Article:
Why is the right hon. Gentleman showing so much indignation about the Army Reserve Bill? Can he furnish a precedent—he has made some reference to Bills of this character—for the inability of the Minister in charge of the Bill to clarify the Money Resolution, which forced him to arrange for a Motion to be moved for the Chairman to report Progress? Is he aware that much of the discussion yesterday could have been avoided if there had been clarification of the Money Resolution?

Mr. Macleod

In answer to the right hon. Gentleman, and in answer to an earlier question by the Leader of the Opposition, I mentioned earlier three very similar Bills in connection with which allocation of time Motions had been moved. I do not accept for a moment the strictures on my right hon. Friend the Secretary of State for War.

Mr. Dance

Does not my right hon. Friend agree that the activities of some hon. Members opposite have made it virtually impossible to accede to the request of the Leader of the Opposition for a full day's debate?

Mr. Jay

Would not the best way to expedite business after the Recess be to get a new Leader of the House?

Mr. Wigg

Is the Leader of the House aware that the Territorial and Reserve Forces Bill, 1907, and the Military Service Bill, 1938, are the only two examples there have been since 1881? Is he aware that since the war a tradition has grown up, and become a convention, that no Government would move the Closure on Vote A and that that was because of the desire in all quarters of the House to keep defence matters above party? Would he not, even at the eleventh hour, reconsider entering into discussions through the usual channels to avoid the use of the Guillotine and, if necessary, to have, by formal agreement, a timetable to meet the Government's convenience?

Mr. Macleod

In the last few words of our exchanges last night we dealt with this point. Naturally, the timetable Motion will allow for this point to be discussed by the Business Committee.

Mr. S. Silverman

Does the Leader of the House recall exactly why the Commonwealth Immigrants Bill is having its Committee stage on the Floor of the House? Does he remember that his original intention was to send it to Committee upstairs because he was doubtful whether this was a Bill of great constitutional importance, but that on recon sideration he decided that it was and that for that reason, and that reason alone, the Committee stage was brought on to the Floor of the House?

Does the right hon. Gentleman know of any recent precedent on a Bill of grave constitutional importance, which is not urgent, in which the Government, because they object to the activities of hon. Members of the Opposition, have seen fit to introduce a Guillotine Motion? May I ask him whether he knows of any precedent in which a Government has told the House of Commons that they propose to apply a Guillotine Motion to one Bill because they object to the proceedings on another?

Mr. Macleod

I did not say that. If the hon. Member wishes to study the precedents he will find them on pages 490–91 of the 16th edition of Erskine May.

Mr. Marsh

Will the Leader of the House tell us why the Government have got themselves into this sort of difficulty only since he has been Leader of the House? They managed quite well before.

Mr. W. Hamilton

When are we to have a debate on the outrageous Supplementary Estimates for the agriculture subsidies? Is he aware that there is a great deal of feeling among consumers and among the farmers that this money is going to middle men? When will this scandal be stopped? If there is a debate, may we be assured that there will be a spokesman from the Scottish Office to answer for the scandalous goings on in Scotland?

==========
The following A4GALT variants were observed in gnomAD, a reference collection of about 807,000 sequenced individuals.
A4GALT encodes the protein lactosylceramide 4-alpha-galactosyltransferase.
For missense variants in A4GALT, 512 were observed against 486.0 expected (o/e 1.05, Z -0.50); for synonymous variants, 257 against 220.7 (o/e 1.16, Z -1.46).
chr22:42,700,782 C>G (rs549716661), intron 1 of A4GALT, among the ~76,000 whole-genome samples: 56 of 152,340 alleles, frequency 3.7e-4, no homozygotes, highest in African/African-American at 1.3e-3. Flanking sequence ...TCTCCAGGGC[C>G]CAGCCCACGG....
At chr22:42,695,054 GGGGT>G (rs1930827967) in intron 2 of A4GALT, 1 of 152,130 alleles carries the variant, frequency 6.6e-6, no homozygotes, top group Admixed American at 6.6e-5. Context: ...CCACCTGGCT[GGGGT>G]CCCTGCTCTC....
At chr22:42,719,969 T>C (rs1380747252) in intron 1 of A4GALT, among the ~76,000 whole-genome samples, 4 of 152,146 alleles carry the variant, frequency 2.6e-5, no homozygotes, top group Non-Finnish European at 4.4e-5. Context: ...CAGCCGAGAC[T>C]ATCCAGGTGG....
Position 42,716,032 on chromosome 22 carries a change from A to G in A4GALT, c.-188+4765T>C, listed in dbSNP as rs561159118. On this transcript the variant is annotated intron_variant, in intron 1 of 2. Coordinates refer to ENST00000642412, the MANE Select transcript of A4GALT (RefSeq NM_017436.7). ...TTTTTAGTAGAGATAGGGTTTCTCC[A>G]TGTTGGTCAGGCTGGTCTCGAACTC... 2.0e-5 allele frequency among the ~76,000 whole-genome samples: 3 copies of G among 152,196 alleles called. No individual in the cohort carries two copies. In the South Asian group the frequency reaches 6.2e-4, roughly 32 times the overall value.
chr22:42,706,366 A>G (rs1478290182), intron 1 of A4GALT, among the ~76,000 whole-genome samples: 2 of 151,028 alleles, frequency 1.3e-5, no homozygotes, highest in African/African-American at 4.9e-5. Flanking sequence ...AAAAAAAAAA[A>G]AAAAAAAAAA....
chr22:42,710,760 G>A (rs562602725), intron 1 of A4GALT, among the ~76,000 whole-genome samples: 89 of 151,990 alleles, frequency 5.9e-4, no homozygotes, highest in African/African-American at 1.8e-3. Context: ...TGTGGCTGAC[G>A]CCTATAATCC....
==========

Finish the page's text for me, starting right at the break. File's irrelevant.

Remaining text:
Mr. Macleod

I understand the feeling on that matter. Perhaps I should have explained the position in more detail in answer to questions on business last week. The agriculture Estimates will require a special Consolidated Fund Bill. That will mean that there will be opportunities of debate, and we shall no doubt be discussing this sort of matter through the usual channels. I think that a few days after we return it should be possible to find an opportunity for this.

Mr. Gaitskell

Can the Leader of the House explain his earlier supplementary answer to me that the Government had to choose between either introducing a Guillotine Motion or abandoning the Bills? Is he seriously suggesting that it was impossible for the Government to go through a number of days in Committee on these two Bills, during which progress would be made, as it has been made? What does he mean by saying that the Government would have to abandon the Bills altogether? Why does he suppress the views of the House of Commons in this way on these two vital Bills? Will he please think again about this matter before he commits himself to a course which he will bitterly regret before long?

Mr. Macleod

I am not very impressed by threats. Every hon. Member, on both sides, knows exactly that what I said is the correct position in relation to these Bills.

Mr. Thorpe

Is the Leader of the House aware that the Commonwealth Immigrants Bill has aroused very real bitterness and opposition, particularly in one respect, from his own party? Is he aware that this has caused the Government to have second, if not third, thoughts on the question of the Irish immigrants? Are we to take it that the Government consider that a full discussion of our future relations with our Commonwealth and Empire is to take an inferior place to the need to ram through this legislation by a Guillotine?

Mr. Macleod

No, Sir. That is not the case. The right position is for the Government to put in the allocation of time Motion what they consider to be a reasonable time. That will be put before the House and we shall discuss it on the Thursday of the week in which we return.

Mr. G. Brown